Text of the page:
“You’re looking really good, have you lost weight?”
With a societal fixation on health and exercise, the media plagues us daily with the latest diet or fitness craze, emulated in so called ‘fitspirational’ messages. This is especially apparent at the start of the new year – “new year, new you” as they say.
We keep being promised new ways to re-build ourselves in order for us to be ‘accepted’. Despite being branded as a healthy alternative to body ideals of past, the messages still encourage comparison and promotes strict conformity in our appearance – whether achievable or not.
There are many benefits of following a healthy lifestyle, and it can be seen as a good opportunity to gain social approval. However, this commitment to healthy eating and exercise can be blindly praised without considering the associated risks.
In sport and exercise, the ability to push beyond physical and psychological limits is almost seen as an essential ingredient for success. Yet, at what point does our ‘health kick’ become a cause of concern?
Through my teary eyes all I could see was my mum rushing towards me, calling in a panic for my dad. I felt so scared I didn’t know what had happened, I couldn’t move, I couldn’t feel anything. I remember my dad pausing over me, trying to understand what had just happened.
6 years ago I collapsed on my parent’s bedroom floor. I was taken to my local hospital, and later transferred to St Thomas’ London. My ‘health’ obsession had become my crutch of control, a way to manage – if not simply to avoid - my anxieties and fears.
Over a period of 9 months I had lost nearly 4 stone. I gradually banned more and more types of food, to the point of limiting my intake to just 500 calories a day. In addition to food restriction, I also increased my exercise routine to ensure I burned at least 1000 calories per day – all ‘helpfully’ recorded on my fitness app!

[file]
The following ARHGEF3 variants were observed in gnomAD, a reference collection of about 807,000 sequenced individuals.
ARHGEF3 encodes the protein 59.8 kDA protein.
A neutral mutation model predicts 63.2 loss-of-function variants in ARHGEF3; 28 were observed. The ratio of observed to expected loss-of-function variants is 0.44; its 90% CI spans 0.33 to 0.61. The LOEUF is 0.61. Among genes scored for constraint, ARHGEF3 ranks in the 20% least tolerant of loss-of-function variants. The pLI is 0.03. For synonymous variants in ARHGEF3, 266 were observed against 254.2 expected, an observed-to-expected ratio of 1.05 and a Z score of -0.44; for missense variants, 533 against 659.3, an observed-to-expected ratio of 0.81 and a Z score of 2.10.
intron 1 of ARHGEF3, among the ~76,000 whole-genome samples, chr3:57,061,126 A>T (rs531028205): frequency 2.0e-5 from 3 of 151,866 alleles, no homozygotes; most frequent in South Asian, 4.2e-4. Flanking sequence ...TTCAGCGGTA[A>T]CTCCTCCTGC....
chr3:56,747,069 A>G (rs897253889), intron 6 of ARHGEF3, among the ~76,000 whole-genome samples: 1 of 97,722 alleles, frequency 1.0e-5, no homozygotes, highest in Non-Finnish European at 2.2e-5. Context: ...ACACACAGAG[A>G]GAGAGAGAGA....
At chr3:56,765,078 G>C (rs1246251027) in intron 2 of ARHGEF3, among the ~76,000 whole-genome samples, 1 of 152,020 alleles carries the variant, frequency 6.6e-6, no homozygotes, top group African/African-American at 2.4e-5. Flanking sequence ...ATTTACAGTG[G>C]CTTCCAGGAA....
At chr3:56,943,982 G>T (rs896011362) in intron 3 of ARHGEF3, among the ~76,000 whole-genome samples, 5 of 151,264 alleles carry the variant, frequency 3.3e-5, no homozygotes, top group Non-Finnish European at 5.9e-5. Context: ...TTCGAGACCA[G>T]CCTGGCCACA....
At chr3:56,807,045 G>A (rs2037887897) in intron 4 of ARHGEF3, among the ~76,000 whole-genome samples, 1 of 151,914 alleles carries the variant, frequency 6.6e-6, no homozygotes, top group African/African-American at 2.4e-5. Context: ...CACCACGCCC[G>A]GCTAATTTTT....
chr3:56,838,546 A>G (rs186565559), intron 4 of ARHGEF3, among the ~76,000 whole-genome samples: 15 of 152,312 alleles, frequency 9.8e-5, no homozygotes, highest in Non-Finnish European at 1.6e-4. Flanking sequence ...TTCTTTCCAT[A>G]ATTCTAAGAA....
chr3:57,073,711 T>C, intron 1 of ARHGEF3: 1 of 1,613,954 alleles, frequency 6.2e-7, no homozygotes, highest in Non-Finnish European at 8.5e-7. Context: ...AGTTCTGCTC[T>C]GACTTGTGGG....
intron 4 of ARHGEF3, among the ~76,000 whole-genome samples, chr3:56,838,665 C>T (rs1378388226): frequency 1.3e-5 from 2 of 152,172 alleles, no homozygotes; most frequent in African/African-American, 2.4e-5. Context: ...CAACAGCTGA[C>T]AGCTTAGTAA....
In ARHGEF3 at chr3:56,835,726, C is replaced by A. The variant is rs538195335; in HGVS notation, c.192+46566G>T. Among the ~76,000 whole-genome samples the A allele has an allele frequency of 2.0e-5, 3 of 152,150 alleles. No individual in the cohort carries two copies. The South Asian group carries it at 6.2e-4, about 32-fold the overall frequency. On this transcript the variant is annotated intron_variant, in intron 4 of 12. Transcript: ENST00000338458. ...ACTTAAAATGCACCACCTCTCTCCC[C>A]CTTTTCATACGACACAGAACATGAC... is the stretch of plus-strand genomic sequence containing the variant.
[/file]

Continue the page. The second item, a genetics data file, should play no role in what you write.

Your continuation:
Ultimately, I adopted this behaviour out of obligation rather than for enjoyment, even using threats to myself as a way to keep on task – “you must run on the treadmill for at least an hour otherwise X will not speak to you anymore.” We know from the best available research that exercise fixation is strongly related to the development of eating disorders. The obsessive tendencies of both endeavours began a cycle of destruction, which trapped me in a state of ambivalence.
By then, my level of concern over my weight and exercise routine had crossed the boundary between a healthy commitment and obsession. Even with a blood glucose level of 1.1 and a recorded heart rate of 21 bpm (for a healthy adult, the normal blood glucose level is 3.9 - 5.5 and normal heart rate ranges between 60-100 bmp), in hospital I was most fearful of being trapped without opportunity to exercise and eat ‘approved’ foods. To me going to the toilet became on opportunity to escape concerned eyes, and a chance to at least do squats!
The levels of expectation of what people can achieve with their bodies has uncontrollably pervaded all aspects of life. It becomes incredibly difficult to remove yourself from the panoptic gaze of societal expectation.
As I stand here today, I do not pretend to be completely recovered – far from it! However, through time and therapy, I have come to appreciate that you can relieve the weight of expectation. Taking a step back, reframing and focusing on my own goals and expectations, means each day is an opportunity to be my best self – but for me!
As humans, we are conditioned to continuously seek more, expect more. There is no end goal, no perfect weight, no perfect life. Perfection does not exist. Our life is marked by continuous points of learning, with our choices determining our course.
Today I still bear the scars, but to me they are reminders of how far I have come and the strength I continue to develop.
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